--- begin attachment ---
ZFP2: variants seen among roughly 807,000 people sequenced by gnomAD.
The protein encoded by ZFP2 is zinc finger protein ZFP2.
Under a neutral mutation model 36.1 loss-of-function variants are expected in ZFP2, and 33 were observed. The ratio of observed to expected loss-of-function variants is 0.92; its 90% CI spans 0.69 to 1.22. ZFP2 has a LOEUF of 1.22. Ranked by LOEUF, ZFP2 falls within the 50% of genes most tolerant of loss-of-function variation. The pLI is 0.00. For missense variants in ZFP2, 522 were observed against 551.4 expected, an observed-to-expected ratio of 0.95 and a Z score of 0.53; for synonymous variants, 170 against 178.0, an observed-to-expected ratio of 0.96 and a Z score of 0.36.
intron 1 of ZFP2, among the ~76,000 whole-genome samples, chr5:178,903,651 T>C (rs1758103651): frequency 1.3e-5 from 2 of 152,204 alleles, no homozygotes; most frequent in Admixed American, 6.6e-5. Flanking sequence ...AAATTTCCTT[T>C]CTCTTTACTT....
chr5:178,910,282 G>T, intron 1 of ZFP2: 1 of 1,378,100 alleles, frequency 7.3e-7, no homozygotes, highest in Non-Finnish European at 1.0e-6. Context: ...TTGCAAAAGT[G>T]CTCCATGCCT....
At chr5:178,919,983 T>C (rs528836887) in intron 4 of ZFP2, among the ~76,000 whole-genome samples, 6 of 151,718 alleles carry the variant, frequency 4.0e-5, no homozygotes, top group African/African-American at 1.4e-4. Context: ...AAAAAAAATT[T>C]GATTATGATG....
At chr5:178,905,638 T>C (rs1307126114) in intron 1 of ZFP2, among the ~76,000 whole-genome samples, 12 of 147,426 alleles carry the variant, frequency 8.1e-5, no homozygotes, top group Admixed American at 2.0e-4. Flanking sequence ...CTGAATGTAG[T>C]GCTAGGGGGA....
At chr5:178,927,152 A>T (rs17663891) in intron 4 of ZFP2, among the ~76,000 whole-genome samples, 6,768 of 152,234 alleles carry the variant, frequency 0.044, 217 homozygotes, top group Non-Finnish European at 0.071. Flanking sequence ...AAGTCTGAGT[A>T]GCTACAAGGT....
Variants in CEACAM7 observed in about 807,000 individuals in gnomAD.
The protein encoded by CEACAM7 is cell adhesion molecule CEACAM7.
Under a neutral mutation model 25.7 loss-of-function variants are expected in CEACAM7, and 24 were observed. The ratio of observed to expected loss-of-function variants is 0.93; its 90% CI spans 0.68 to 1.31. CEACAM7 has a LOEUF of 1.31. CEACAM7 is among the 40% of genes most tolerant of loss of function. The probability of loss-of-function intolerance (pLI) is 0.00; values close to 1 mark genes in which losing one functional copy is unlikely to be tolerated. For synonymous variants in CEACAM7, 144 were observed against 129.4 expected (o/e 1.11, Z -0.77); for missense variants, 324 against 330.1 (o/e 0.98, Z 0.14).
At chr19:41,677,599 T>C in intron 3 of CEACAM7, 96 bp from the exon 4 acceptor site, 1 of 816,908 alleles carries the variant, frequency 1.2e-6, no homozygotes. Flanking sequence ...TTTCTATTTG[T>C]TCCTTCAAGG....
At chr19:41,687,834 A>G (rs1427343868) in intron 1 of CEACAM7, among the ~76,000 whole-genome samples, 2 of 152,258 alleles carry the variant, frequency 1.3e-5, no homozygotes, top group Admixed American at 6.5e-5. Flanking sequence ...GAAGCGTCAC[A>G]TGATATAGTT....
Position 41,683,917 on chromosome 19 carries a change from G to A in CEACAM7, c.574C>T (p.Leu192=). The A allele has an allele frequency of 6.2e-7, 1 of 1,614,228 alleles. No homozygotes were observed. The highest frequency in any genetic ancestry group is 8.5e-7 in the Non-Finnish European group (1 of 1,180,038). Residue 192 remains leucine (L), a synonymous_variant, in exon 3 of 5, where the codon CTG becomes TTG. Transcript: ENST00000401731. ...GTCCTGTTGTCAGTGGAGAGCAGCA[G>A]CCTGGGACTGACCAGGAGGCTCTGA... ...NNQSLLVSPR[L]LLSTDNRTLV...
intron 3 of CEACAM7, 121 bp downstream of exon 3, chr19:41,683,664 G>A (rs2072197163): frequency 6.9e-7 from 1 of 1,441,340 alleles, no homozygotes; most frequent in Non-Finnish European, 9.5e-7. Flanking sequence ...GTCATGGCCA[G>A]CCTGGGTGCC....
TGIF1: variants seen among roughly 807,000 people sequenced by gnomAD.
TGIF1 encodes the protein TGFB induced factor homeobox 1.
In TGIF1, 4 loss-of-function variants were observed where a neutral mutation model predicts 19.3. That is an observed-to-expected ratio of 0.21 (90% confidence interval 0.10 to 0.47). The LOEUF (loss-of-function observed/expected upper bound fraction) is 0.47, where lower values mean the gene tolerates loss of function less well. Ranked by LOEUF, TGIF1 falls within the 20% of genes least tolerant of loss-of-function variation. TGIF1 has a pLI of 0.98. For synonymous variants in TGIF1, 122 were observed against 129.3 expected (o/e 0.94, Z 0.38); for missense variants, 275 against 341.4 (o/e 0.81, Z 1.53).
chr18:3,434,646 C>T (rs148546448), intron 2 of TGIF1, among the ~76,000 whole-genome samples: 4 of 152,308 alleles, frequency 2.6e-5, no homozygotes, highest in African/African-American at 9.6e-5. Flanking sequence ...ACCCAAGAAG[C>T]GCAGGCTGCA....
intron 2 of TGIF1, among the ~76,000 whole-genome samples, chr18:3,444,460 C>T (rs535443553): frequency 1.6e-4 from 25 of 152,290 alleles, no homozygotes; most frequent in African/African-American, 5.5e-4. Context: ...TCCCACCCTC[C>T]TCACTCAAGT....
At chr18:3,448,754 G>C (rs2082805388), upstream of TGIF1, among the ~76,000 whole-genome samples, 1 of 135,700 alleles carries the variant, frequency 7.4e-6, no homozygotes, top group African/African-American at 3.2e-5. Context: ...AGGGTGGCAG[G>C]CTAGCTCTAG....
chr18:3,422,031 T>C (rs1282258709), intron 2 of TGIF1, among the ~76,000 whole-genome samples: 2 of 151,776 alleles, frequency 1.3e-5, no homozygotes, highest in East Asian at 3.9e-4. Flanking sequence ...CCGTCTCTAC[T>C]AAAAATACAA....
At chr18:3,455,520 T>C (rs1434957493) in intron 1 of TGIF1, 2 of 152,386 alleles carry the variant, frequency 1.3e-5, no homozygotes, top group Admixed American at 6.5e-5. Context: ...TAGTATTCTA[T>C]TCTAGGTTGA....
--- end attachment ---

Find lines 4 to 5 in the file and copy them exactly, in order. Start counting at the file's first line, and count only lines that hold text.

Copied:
intron 1 of ZFP2, among the ~76,000 whole-genome samples, chr5:178,903,651 T>C (rs1758103651): frequency 1.3e-5 from 2 of 152,204 alleles, no homozygotes; most frequent in Admixed American, 6.6e-5. Flanking sequence ...AAATTTCCTT[T>C]CTCTTTACTT....
chr5:178,910,282 G>T, intron 1 of ZFP2: 1 of 1,378,100 alleles, frequency 7.3e-7, no homozygotes, highest in Non-Finnish European at 1.0e-6. Context: ...TTGCAAAAGT[G>T]CTCCATGCCT....